The roots of distributed technology
Distributed ledger technology (DLT) is a relatively new arrival in the industrial and business landscape. DLT is an umbrella term for any type of decentralized network managed and supported by its participants, rather than being controlled centrally. Blockchain technology, for instance, is a type of DLT.
From a historical perspective, blockchain technology is in its infancy. The term itself, blockchain, was first heard of circa 2008, when the person or group behind the Satoshi Nakamoto alias published the Bitcoin paper explaining the concept of peer-to-peer digital currency. But the concept of a cryptographically linked and immutable chain of records was not new. Scientists W. Scott Stornetta and Stuart Haber designed such a system back in 1991. The pair published a joint whitepaper shortly thereafter. Stornetta and Haber are considered by many as the founding fathers of blockchain technology.
Blockchain technology has evolved since, both in technological terms and ubiquitousness, but if one were to compare even the most advanced blockchains today with Stornetta and Haber’s work, one would find that the basic concepts differ only ever so slightly.
Blockchain technology, today
Blockchain has gone through a lot. From relatively obscure and troubled beginnings, and well-publicized scandals like the infamous 2011 Mt. Gox hack, the Silk Road affair, or the MyCoin Ponzi scheme (the first, but unfortunately not the last similar scheme involving cryptocurrencies), blockchain earned somewhat of a bad reputation throughout its formative years. Blockchain was, in a manner of speaking, the problem child in the technology neighbourhood.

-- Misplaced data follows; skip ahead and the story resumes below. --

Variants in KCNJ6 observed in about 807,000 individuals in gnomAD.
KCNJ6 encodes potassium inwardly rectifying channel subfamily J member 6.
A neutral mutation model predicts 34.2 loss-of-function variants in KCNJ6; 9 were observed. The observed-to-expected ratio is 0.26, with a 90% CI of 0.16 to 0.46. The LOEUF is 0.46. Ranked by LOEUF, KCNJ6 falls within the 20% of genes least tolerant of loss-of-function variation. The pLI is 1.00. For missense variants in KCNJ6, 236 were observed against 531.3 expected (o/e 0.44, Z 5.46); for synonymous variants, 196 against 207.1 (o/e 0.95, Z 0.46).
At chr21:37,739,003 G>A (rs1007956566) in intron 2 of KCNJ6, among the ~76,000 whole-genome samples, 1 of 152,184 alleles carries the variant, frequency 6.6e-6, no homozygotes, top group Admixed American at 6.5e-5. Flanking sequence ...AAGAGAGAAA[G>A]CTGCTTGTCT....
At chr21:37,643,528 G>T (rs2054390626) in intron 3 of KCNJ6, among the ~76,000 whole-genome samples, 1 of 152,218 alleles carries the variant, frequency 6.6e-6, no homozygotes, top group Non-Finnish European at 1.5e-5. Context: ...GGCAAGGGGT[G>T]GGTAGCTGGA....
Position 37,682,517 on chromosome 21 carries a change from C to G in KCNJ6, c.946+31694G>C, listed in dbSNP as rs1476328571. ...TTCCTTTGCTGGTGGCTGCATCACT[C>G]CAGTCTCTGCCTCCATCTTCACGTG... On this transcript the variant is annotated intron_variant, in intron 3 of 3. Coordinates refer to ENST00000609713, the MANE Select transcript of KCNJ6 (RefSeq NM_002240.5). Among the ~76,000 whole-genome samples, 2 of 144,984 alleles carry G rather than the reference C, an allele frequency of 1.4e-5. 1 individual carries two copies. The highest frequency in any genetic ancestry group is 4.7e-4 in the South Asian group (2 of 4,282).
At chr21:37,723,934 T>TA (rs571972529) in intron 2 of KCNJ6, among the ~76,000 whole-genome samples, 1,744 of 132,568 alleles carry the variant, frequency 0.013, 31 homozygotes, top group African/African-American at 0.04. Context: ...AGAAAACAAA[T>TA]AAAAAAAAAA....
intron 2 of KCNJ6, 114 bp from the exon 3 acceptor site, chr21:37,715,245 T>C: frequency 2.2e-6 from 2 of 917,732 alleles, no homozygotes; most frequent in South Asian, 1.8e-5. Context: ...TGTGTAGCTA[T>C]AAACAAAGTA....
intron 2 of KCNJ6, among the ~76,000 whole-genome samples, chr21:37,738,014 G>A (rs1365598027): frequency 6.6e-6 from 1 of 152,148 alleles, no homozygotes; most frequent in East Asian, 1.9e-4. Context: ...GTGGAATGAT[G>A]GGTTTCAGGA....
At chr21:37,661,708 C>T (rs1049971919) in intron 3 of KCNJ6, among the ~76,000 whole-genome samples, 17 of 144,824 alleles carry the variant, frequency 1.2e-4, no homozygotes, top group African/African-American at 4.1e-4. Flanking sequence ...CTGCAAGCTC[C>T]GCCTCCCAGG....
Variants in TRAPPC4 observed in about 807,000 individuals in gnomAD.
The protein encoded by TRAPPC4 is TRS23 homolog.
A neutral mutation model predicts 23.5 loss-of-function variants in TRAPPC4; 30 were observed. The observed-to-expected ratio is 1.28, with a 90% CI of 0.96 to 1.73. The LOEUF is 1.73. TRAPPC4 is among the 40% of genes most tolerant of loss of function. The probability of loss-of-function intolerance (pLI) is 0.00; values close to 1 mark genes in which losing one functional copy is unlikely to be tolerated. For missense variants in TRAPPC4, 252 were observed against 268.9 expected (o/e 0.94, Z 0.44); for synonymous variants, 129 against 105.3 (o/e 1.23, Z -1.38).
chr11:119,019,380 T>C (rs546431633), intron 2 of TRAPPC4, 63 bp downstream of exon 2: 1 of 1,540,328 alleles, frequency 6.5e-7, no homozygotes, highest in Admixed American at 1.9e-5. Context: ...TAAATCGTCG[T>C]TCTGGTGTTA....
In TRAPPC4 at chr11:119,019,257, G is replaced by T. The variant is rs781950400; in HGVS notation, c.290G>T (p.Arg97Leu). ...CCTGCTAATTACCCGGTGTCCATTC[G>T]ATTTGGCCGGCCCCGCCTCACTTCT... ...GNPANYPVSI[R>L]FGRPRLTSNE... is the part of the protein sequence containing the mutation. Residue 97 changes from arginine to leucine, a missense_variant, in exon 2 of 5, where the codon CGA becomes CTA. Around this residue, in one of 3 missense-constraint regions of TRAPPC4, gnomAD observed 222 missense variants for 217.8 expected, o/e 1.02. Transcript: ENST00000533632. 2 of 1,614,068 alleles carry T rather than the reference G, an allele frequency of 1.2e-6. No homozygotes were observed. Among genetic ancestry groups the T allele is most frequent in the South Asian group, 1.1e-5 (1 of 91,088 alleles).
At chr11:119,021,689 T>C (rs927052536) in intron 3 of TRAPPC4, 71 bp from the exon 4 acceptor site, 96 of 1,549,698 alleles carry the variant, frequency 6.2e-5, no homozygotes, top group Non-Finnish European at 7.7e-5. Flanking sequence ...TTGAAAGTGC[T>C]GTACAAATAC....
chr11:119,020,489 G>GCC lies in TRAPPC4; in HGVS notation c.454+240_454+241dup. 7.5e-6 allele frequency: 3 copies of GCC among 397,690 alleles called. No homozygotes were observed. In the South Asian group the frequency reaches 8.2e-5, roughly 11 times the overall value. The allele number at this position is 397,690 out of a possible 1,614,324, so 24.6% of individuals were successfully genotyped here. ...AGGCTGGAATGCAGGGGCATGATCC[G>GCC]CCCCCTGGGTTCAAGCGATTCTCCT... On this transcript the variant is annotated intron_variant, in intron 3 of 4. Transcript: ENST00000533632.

It is worth noting, however, that all these fraudulent activities related more closely to Bitcoin, rather than the underlying technology -blockchain-, but for many, these two things were one and the same. Throughout the mid-to-late 2000s, blockchain became a sort of byword for ‘scam.’ And that was not a good thing.
Then came the (in)famous Initial Coin Offering (ICO) era. The eighteen months (or thereabouts) that spanned between the start of 2017 and around June of 2018 stand somewhere between the gold rush in mid-1850s America and the inglorious end of the dot.com crash. If you were running a start-up around 2017, raising an ICO was almost a rite of passage. You were a nobody without one. Between Q1 and Q4, the ICO market grew almost 100%.
But by December of 2018, the party was over. Most ICOs fell far short of their intended targets, or failed to raise any capital at all. Coin after virtual coin fell like soldiers on the battlefield.
Again, it’s just the currencies that did not survive. The engine that powered these coins -blockchain- remains. Governments, payment processors, even banks, once crypto’s sworn enemies, have already implemented, or are looking to adopt blockchain soon. In a recent report, Deloitte reflects, overall, a bright blockchain landscape.
The world at large seems to start appreciating the opportunities and new business ventures offered by the adoption of blockchain technology.
The state of blockchain technology in the European Union